Following our motto of mobile-first, Foundation's Building Blocks are built to be naturally responsive. A quick check on a smaller screen shows that our site is still looking pretty good. 

However, when we click on the hamburger menu, our off-canvas hasn't been properly hooked up. This part gets a little tricky, but don't worry! We'll break down what's happening in this off-canvas menu and then walk through how to hook it up. 

If you take a look into the ecommerce-header.html file, you'll notice that this header has an off-canvas built into it. So, why didn't it work? When we clicked on the hamburger menu, the only thing that was 'pushed' was the header. The rest of the page remained in view, causing some strange overlapping. 

This is because this header was built to work on its own, but in reality it needs to work with the entire page. In other words, it needs to push all of the content on the page over when the off-canvas menu is triggered, not just the header menu. This ecommerce-header was written like this because setting up an off-canvas requires diving into your src/layouts/default.html page, which is beyond the Building Block's reach.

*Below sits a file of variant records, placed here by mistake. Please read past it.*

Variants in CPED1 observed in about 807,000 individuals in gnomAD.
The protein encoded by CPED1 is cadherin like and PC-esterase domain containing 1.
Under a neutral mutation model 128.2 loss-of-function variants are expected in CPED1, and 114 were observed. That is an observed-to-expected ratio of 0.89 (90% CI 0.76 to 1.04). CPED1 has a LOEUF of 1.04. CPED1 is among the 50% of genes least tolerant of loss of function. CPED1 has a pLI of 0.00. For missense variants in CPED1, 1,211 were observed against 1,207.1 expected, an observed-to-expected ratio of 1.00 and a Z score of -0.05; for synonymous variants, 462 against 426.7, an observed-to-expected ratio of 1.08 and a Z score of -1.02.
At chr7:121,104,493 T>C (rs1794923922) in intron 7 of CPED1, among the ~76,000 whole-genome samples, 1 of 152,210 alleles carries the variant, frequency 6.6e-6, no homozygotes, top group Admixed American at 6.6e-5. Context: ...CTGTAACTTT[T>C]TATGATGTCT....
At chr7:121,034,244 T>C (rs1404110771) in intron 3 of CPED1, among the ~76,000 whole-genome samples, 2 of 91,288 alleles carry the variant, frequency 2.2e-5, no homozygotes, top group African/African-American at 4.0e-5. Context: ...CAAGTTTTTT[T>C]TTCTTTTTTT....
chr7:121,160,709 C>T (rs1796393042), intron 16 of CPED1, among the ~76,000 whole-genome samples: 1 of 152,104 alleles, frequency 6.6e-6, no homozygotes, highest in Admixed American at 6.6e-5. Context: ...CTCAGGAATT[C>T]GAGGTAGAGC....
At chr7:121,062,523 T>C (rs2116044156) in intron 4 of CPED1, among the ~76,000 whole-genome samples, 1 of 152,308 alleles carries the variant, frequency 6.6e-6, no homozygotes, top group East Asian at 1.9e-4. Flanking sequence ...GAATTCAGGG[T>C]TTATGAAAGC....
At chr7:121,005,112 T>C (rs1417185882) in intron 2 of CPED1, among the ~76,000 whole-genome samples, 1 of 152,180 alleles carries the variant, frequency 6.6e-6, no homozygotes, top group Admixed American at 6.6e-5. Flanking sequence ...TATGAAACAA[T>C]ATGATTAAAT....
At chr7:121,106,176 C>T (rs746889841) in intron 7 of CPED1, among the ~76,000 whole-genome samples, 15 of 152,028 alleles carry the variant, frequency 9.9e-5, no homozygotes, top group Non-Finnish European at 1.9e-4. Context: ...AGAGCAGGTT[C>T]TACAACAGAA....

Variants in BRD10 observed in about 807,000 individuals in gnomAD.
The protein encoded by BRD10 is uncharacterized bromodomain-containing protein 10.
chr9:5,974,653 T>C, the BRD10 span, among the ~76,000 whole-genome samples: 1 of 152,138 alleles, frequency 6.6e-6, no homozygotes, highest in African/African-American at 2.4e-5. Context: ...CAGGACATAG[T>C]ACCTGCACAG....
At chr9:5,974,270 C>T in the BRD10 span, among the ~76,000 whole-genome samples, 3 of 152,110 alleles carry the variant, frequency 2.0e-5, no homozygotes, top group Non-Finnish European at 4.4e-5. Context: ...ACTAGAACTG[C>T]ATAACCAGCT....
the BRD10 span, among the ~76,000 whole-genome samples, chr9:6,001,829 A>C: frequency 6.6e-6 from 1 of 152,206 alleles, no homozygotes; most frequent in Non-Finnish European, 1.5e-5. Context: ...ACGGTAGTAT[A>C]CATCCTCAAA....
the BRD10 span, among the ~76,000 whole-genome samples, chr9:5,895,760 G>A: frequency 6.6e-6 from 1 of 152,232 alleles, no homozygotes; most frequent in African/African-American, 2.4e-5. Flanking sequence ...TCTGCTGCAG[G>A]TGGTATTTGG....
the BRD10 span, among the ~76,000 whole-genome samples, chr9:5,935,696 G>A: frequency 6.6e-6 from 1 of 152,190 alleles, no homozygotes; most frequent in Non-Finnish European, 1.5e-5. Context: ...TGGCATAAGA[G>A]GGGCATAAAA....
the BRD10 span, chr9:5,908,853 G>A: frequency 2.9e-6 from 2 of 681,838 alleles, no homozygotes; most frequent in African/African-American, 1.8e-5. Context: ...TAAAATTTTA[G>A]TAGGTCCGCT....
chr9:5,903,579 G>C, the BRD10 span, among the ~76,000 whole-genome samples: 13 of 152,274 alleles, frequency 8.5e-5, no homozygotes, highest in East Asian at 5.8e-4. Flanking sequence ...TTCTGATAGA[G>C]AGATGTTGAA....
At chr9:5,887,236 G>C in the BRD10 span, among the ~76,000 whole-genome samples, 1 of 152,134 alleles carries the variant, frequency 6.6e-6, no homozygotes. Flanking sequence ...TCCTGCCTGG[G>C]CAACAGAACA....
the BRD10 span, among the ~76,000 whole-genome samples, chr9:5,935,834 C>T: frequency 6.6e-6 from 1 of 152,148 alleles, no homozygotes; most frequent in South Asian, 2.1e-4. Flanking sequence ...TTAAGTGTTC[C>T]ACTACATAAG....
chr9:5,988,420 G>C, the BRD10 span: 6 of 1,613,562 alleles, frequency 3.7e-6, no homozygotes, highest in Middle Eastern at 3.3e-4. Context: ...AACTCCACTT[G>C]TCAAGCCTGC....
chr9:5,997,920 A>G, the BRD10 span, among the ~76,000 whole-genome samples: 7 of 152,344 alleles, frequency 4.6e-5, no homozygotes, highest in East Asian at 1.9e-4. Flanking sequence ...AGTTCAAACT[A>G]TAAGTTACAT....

This is what we’re currently seeing because the off-canvas hasn't been hooked up yet

To fix this, all we need to do is take everything inside of <div class="off-canvas ecommerce-header-off-canvas position-left" id="ecommerce-header" data-off-canvas> and move it into src/layouts/default.html. Next, we're going to wrap the {{> body}} of our site inside of a <div class="off-canvas-content" data-off-canvas-content>. This will push the body of our site when off-canvas is triggered. 

Now when we click on our hamburger, the entire site moves over for the off-canvas menu! The body of our default.html page should look like this:

<body>
  <div class="off-canvas ecommerce-header-off-canvas position-left" id="ecommerce-header" data-off-canvas>